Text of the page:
[Major B Records (2010)]
Irish fiddler Liz Knowles rides many fine lines with her music. She balances between the worlds of classical violin and traditional Irish fiddle, freely drawing inspiration from both. She plays Irish traditional music, but she’s originally from Kentucky. She performs as a soloist with the New York Pops orchestra, but hangs out in bars at Irish sessions with pure-drop trad players. She tours the world with mega-spectacles like Riverdance or Celtic Legends, but her new album, Making Time, is a totally intimate experience. Most musicians would be torn by these opposites, but Knowles seems to revel in exposing her talent to as many possibilities and interests as she can.
And what talent! She’s a powerful fiddler, but also a musical arranger with excellent taste. I’m normally very very skeptical critic of anyone combining classical music influences with traditional fiddling. These are two worlds that don’t get along, to say the least, and many fiddlers see classical violinists as the equivalent of a bunch of tea-sipping British colonialists, with their noses permanently turned up in the air. So it’s a big compliment when I say that Knowles does a wonderful job of combining her taste in classical arrangement with the Irish traditional fiddling she knows so well. She has the kind of tone and power that comes best from classical training, but she’s also got the kind of dirty punch in her fiddling that every good Irish fiddler needs. And she knows the music inside and out. Each tune is annotated in the liner notes, complete with great stories and insider information.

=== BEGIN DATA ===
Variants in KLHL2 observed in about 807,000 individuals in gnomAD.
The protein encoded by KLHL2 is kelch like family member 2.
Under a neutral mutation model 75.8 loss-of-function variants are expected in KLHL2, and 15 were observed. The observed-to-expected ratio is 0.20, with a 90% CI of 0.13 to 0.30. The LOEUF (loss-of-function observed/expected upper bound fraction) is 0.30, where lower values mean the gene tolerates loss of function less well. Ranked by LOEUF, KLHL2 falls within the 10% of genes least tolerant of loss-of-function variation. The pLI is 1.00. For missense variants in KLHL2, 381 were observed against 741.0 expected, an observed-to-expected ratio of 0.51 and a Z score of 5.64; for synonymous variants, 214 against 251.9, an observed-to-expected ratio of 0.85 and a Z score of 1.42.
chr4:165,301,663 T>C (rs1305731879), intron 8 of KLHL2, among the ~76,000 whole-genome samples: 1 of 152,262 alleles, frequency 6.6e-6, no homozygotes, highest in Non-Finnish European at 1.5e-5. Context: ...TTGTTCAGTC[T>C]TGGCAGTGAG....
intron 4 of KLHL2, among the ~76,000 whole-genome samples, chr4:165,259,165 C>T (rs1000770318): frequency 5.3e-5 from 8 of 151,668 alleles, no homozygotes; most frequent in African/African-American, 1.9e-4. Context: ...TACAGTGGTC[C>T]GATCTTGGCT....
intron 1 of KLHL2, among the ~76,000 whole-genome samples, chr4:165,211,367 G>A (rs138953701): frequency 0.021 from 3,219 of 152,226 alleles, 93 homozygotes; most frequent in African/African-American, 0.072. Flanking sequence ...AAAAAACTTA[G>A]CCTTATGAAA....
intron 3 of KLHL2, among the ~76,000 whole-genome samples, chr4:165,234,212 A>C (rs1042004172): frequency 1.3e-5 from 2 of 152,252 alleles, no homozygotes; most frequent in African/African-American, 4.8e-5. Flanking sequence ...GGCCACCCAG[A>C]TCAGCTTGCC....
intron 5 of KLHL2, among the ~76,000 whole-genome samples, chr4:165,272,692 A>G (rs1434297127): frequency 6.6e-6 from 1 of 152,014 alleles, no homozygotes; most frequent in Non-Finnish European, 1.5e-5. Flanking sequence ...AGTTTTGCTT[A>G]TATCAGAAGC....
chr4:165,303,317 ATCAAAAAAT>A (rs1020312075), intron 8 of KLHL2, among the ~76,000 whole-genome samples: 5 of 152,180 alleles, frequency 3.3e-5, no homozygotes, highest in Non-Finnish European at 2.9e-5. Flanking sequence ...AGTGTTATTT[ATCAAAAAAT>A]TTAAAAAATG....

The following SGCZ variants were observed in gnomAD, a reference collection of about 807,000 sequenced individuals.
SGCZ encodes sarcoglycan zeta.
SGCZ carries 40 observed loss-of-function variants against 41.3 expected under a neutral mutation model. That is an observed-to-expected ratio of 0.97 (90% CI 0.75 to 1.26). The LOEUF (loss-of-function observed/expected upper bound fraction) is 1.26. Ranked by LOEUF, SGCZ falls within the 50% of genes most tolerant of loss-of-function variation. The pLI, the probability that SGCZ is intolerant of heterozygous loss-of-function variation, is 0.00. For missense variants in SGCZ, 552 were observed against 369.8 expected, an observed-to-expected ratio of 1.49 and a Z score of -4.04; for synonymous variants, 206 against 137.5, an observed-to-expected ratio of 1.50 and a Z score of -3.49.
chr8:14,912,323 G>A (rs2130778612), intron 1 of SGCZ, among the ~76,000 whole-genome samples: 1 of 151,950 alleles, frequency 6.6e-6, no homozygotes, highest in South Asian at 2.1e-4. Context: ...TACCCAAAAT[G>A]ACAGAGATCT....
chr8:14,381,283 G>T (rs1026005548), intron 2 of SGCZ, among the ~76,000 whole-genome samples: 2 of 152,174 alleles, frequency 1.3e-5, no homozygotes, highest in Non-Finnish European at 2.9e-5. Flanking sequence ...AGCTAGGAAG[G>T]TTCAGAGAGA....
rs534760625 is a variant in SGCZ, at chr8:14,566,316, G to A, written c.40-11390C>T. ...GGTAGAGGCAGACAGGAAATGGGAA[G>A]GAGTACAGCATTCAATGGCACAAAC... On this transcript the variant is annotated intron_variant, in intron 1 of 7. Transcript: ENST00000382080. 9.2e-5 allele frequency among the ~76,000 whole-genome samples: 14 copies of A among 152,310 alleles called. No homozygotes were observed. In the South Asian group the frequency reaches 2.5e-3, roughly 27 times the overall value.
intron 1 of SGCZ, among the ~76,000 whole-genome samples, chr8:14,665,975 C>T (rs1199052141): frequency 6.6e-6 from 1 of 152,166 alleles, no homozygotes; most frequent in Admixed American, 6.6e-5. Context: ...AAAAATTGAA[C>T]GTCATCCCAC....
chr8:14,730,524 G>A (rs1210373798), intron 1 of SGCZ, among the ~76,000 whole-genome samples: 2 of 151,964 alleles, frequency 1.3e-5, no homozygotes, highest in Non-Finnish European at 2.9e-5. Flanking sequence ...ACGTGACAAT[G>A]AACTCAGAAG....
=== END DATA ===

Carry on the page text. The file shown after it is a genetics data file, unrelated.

The album’s great fun, especially with the title track, “Tuhy’s Frolics/Rakes of Cashel,” which tears through a couple old Irish reels. But the stand-out tracks are her deep and thoughtful arrangements of the more classical tunes from the Irish tradition. This is where her ability to walk between worlds becomes evident. She arranges a truly beautiful string quartet of the tune “Factory Smoke,” better known as “The Brown Coffin” from Martin Hayes’s debut album. And this arrangement is more than just a couple fiddles chording along behind the tune. She actually arranges counter-melodies and beautiful harmonies in the other instruments. She even overdubs herself on each arrangement, which is also pretty impressive.
Throughout, she displays a sensitivity to the music that’s admirable. This shines through on “Sir Ulick Burke,” acomposition of the blind Irish bard Turlough O’Carolan. She relates the following story in the liner notes:
O’Carolan was on his way to Glinsk in County Mayo after hearing that his friend, Sir Ulick Burke had fallen ill. Caught by a snowstorm in Glengavlen, County Cavan, he was forced to stay in a cabin for several days. During this time, Burke passed away. His wife gave strict orders that O’Carolan not be told until she could deliver the news herself. While in the cabin, O’Carolan, not forgetting his friend’s illness, took up the harp and played his newly composed verses, the air you hear on this track. Apparently, his companions could not hold back their tears and it was then revealed to O’Carolan that his friend had already died.
It’s a sad story, and Knowles brings out the depth and tragedy of this ancient Irish melody. She plays it unaccompanied, but brings in the double-stops and chording typical of the Baroque music that was O’Carolan’s contemporary. Knowles has a stunning gift for putting life into these lost tunes, and each track on her new album is a path to a new vista of Irish music.
—Devon Leger (Shoreline, WA)